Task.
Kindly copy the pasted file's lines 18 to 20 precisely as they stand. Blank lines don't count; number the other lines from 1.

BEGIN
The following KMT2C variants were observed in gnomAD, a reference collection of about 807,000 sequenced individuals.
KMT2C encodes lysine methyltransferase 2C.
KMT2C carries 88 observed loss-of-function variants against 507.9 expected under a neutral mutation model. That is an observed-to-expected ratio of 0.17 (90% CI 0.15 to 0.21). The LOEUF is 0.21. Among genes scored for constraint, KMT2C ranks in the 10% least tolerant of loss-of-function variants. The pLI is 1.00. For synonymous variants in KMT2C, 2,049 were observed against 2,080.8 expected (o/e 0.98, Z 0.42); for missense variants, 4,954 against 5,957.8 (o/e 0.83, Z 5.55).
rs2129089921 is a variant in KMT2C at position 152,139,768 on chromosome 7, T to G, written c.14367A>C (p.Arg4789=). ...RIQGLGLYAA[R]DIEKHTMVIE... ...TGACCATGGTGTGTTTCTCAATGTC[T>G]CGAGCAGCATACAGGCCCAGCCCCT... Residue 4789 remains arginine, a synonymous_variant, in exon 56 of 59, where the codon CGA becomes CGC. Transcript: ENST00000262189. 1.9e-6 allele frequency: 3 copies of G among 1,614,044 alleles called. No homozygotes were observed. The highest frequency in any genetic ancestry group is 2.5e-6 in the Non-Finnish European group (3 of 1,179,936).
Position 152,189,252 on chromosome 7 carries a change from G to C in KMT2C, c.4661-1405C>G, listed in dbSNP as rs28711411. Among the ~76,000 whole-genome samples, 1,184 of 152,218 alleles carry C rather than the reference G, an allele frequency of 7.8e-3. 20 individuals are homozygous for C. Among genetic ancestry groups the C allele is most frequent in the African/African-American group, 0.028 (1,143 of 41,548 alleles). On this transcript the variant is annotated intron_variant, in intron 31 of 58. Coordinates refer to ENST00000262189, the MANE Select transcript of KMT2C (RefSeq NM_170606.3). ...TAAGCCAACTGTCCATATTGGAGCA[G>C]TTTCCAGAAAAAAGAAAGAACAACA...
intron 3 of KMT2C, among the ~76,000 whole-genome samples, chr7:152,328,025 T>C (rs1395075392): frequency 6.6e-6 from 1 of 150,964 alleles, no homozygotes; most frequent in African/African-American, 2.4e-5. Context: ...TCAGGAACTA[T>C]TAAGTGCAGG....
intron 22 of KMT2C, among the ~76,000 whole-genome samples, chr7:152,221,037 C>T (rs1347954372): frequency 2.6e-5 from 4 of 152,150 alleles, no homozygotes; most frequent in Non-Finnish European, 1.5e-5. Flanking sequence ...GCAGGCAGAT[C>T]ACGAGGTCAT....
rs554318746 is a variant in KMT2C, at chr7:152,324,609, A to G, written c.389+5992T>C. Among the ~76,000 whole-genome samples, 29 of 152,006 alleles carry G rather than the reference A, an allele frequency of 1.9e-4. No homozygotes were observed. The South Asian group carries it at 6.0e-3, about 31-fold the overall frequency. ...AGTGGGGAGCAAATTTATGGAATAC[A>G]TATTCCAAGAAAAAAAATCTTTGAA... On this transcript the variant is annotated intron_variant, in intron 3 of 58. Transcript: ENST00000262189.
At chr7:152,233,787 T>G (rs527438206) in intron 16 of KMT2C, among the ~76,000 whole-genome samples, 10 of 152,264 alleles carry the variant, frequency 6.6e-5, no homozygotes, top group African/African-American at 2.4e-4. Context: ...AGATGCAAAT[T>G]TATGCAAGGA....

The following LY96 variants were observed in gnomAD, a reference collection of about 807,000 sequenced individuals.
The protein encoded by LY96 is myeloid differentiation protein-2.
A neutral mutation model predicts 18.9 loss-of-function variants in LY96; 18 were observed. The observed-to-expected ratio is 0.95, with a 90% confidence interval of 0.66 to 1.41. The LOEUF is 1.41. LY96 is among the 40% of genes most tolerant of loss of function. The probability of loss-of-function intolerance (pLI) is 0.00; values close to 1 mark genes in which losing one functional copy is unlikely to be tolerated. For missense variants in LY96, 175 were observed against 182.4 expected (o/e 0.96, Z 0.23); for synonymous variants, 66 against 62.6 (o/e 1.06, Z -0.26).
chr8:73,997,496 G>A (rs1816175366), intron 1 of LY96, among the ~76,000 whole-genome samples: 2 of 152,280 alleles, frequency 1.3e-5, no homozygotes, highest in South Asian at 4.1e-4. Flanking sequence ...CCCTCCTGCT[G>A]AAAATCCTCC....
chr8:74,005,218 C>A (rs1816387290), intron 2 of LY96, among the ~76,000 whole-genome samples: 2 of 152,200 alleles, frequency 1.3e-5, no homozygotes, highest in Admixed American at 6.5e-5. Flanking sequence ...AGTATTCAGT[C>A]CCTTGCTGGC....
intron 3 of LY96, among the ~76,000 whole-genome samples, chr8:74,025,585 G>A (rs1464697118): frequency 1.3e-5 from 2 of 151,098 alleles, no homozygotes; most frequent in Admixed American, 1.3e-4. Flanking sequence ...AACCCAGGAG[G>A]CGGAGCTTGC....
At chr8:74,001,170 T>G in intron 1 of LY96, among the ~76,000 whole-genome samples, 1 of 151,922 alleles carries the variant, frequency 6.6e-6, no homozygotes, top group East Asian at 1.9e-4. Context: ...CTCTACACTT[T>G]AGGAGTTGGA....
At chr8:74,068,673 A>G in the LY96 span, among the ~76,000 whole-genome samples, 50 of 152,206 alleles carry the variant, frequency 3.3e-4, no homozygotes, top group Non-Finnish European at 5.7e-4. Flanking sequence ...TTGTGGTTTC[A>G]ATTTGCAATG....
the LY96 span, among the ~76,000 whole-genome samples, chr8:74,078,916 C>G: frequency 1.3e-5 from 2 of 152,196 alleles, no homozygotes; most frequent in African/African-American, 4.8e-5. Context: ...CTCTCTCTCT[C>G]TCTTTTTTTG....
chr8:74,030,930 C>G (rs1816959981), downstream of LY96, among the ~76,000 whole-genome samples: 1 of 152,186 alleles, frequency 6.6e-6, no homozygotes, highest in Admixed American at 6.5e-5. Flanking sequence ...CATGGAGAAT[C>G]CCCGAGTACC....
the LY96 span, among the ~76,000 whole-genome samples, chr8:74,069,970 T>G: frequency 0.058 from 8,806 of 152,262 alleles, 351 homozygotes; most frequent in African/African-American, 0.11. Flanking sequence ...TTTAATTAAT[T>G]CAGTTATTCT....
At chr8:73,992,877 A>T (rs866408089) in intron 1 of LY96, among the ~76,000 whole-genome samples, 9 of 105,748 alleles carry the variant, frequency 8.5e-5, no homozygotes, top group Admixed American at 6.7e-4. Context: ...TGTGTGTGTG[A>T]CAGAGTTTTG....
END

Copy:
the LY96 span, among the ~76,000 whole-genome samples, chr8:74,078,916 C>G: frequency 1.3e-5 from 2 of 152,196 alleles, no homozygotes; most frequent in African/African-American, 4.8e-5. Context: ...CTCTCTCTCT[C>G]TCTTTTTTTG....
chr8:74,030,930 C>G (rs1816959981), downstream of LY96, among the ~76,000 whole-genome samples: 1 of 152,186 alleles, frequency 6.6e-6, no homozygotes, highest in Admixed American at 6.5e-5. Flanking sequence ...CATGGAGAAT[C>G]CCCGAGTACC....
the LY96 span, among the ~76,000 whole-genome samples, chr8:74,069,970 T>G: frequency 0.058 from 8,806 of 152,262 alleles, 351 homozygotes; most frequent in African/African-American, 0.11. Flanking sequence ...TTTAATTAAT[T>G]CAGTTATTCT....